Chronic pain youth

I first got my pain when I was 12, I'm now 16 and school is such a huge issue for me. I just got my GCSE results back and I know without my pain I could've achieved so much more. I was wondering if anyone had tips on making it through sixth form because I would like to go to university but at this rate I won't get the grade I need for the course I like.

16 Replies

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  • Hi

    I am sorry. I had chronic as a teen too. Tell your teachers and try to work out a plan. Like a project based curriculum instead of exams. This renss to help with stress amd studing. Do not give up. You will get to University :)

    Hugs

  • Thank you.

  • I send you hugs. To plan well is the key to A levels, always do the homework without leaving it. As it will mount up. Work out the plan of action with a six form tutor who should be able to guide you. Before you do that though do have some idea of what you want to do for a career. If you are blessed with less than perfect health, you will have to take this into account. That is hard at your age.

    You may wish to retake some GCSE's and be guided by your tutor and parents. Also and more important is your gut feeling. Is it worth it? etc.

    If you need more help on subjects or a third ear then let me know: I used to teach law and economics etc and was a careers teacher way back.

  • Thank you for the advice it's very appreciated. I will speak to my teachers and hopefully still be able to carry on doing what I want to do, thanks.

  • Are you with a good doctor? That is essential. I have had chronic pain all my life but managed to achieve most of what I wanted to do. Please don't dispair. Worrying and stress make it worse I am sure you know. Talk to your teachers and try to sort out a plan. You will get through. Have you someone you can talk to about your pain? I belong to a group and that helps having the support of others like you. My heart goes out to you. xx

  • Thank you, my doctors are great ormand street ones and they're brilliant with me so I'm very lucky with them. Thank you for the advice I will definitely use it to help me. Thanks xx

  • Hi its no fun having chronic pain all the time. How does your pain effect you for example can you sit or stand for long periods etc. If you have a problem with sitting forlong periods your tutor could let you stand to do your work and put a computur on a higher desk or let you pace the floor while your listening etc. Speak to them and see how they can support you.

  • Thank you

  • You need to think long term. What is the point of doing a course if you are unable to follow the career that taking the course leads to.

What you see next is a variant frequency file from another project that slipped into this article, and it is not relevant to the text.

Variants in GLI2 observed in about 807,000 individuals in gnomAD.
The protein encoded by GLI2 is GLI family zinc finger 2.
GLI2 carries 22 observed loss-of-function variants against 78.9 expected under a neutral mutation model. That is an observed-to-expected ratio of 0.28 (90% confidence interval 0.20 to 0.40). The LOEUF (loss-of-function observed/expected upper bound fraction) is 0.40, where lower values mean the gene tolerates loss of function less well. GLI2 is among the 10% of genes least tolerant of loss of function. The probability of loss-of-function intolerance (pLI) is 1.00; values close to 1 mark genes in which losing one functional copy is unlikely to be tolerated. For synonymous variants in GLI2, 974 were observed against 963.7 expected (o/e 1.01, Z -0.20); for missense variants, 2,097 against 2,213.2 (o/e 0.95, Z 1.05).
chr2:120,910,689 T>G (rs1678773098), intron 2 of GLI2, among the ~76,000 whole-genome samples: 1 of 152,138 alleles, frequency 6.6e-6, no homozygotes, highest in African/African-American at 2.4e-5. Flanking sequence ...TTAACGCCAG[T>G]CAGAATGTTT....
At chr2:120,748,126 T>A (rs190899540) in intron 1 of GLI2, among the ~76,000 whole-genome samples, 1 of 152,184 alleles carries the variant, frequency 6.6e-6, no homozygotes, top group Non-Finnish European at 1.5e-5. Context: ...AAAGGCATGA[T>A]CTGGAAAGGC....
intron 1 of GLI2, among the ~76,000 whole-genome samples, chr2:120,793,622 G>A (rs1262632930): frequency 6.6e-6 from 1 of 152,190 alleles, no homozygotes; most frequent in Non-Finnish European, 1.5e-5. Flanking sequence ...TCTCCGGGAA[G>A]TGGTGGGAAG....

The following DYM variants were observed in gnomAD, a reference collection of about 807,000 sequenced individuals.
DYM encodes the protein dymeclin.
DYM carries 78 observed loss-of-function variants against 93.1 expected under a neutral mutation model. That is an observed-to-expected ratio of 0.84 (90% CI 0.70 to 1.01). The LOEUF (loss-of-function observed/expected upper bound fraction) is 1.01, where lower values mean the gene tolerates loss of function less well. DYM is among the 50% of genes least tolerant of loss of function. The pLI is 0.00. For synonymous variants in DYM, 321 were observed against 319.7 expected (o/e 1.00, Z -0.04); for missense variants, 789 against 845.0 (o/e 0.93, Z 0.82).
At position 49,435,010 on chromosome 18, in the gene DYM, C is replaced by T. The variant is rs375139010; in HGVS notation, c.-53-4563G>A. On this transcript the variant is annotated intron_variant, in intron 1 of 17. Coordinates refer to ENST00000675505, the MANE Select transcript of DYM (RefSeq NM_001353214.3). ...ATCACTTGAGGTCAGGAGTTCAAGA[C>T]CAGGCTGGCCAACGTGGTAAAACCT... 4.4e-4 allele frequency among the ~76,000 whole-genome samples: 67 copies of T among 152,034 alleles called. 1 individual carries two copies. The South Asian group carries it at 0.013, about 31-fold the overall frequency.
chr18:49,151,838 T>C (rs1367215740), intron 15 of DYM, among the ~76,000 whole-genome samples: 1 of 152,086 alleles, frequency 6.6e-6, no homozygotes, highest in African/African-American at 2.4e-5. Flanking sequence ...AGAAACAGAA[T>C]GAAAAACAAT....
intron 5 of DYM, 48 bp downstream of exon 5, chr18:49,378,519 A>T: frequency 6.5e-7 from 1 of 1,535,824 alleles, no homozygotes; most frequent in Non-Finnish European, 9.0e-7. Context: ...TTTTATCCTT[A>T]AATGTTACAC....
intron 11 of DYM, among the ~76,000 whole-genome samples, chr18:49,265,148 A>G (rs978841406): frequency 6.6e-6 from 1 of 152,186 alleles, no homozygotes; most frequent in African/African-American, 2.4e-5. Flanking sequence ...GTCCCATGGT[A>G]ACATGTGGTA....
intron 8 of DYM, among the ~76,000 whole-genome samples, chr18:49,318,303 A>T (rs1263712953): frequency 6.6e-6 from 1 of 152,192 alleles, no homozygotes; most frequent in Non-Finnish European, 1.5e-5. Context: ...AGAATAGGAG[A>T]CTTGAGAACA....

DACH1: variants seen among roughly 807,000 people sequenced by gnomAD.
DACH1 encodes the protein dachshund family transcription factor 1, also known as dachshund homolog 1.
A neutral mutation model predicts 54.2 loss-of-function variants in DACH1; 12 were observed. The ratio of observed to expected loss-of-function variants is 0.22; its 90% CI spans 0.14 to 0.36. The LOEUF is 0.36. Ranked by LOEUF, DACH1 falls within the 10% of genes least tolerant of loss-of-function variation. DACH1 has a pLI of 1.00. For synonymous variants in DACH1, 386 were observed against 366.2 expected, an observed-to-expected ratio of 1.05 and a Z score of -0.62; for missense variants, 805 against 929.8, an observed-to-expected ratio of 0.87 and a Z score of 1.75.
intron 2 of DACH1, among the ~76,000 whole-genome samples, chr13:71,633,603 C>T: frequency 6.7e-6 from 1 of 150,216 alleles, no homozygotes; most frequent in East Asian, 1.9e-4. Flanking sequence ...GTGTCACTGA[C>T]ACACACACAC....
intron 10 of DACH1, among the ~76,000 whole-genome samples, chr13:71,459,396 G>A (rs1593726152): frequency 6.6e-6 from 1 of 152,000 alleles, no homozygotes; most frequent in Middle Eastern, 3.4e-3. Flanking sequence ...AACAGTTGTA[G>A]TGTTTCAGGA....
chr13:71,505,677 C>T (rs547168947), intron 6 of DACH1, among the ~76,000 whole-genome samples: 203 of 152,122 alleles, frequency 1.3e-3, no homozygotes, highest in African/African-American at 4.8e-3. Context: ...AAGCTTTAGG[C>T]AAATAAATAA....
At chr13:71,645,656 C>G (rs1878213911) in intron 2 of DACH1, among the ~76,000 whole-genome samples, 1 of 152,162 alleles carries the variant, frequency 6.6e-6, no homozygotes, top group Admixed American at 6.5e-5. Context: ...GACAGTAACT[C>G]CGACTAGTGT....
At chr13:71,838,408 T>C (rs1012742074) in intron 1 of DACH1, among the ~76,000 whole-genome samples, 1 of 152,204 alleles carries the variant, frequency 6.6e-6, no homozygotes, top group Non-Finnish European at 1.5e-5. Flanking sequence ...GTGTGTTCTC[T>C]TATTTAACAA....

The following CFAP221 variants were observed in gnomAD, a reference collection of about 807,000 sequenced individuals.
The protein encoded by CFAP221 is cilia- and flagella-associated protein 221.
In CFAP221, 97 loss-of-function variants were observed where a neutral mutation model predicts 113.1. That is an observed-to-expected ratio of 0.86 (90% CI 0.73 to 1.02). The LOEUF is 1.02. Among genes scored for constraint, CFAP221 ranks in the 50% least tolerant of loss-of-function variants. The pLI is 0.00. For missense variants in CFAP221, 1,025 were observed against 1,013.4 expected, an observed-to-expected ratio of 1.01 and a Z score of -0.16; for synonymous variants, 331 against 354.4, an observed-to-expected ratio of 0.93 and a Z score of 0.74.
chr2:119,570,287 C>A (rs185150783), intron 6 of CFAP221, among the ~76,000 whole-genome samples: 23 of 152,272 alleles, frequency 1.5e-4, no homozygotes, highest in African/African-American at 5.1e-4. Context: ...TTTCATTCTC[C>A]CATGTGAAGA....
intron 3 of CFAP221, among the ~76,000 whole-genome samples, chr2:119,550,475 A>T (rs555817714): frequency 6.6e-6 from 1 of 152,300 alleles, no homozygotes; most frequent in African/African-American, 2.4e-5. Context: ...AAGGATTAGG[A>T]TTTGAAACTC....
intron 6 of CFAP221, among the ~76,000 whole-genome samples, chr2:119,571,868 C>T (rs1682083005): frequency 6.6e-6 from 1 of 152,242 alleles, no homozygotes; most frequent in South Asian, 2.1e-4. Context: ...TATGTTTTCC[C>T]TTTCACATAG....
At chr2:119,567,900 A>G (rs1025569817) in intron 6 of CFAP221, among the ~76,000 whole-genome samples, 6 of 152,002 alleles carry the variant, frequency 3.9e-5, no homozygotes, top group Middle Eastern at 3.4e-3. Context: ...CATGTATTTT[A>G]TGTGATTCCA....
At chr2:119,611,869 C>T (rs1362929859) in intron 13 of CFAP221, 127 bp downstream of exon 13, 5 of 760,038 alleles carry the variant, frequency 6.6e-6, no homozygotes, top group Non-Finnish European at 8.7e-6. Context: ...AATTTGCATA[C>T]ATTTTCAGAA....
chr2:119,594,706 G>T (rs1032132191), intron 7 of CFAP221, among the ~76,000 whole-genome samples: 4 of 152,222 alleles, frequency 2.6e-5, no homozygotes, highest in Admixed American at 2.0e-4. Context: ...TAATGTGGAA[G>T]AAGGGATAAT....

You need to consider: I have this condition. What can I do that I enjoy doing and am able to do as a career. Then the select the course that enables you to do this.

    There are things you can enjoy doing as a hobby and there are things where you have to make a living in a world which takes no prisoners. You are selected at the interview for a job on the basis that you can perform at the job. You have to be able to prove that despite your health disability you can perform.

    Get you parents to send you for Alexander lessons. Sitting at a desk with poor posture will increase the amount of pain you will suffer. In comparison good posture will reduce the amount of pain you experience and enable you to concentrate better. Who knows it may lead you to consider another career path. Many Alexander teachers are ex-chronic pain sufferers.

    Hope I have been helpful.

  • That sounds interesting and thanks for the advice I'll use it definitely. Thanks.

  • Hi there. Well done on passing your GCSE's and getting into Sixth Form. It maybe a good idea to speak to your Tutor and the school nurse about your concerns. Perhaps they will be able to put into place a support plan to help you manage your pain. Remember to pace, plan and prioritise and take regular rest breaks. Good luck x

  • Thank you

  • Definitely talk with you teachers or school support staff as there is quite a lot they can do to make life easier for you. Once you start thinking about university, remember that there are really great student support units at university. It would be worth contacting them before you actually enrol to have a chat about what is possible. Sometimes you can take lighter course loads, or get additional support in whatever way makes sense for you. Also, consider taking a bit longer to get your degree. In the grand scheme of things an extra year or two at that stage isn't going to make a lot of difference to your future, but it might make the difference between passing well and giving up.

  • I recently have gone through the same, aged 19 now. School (GCSE age) I wasn't too bad, as it was just one joint. Throughout sixth form and after, was when my real problems started. Make sure you speak to medical professionals and get the correct advice. By getting advice or a diagnosis, make sure you speak to your teachers ASAP. This will make a massive difference! I made the mistake of leaving it until I was crying uncontrollably in lessons and exams. They're support will be great, and they may give you some le-way if they know whats going on. I've now done an apprenticeship in healthcare and moving onto uni to do Adult Nursing (my dream job). They have to put the support and care for you in place, they are there to support you, and they will! You will be able to achieve whatever you want to in life, it may simply take a little longer or you may have to take an alternative pathway along the way.

    Keep positive and reach for the stars (a good moto that I've learnt from my colleagues at work).

    You'll get there.

    Kirsty X

  • Thanks that's really great advice thank you. X

  • No problems, here if you need anything :) X

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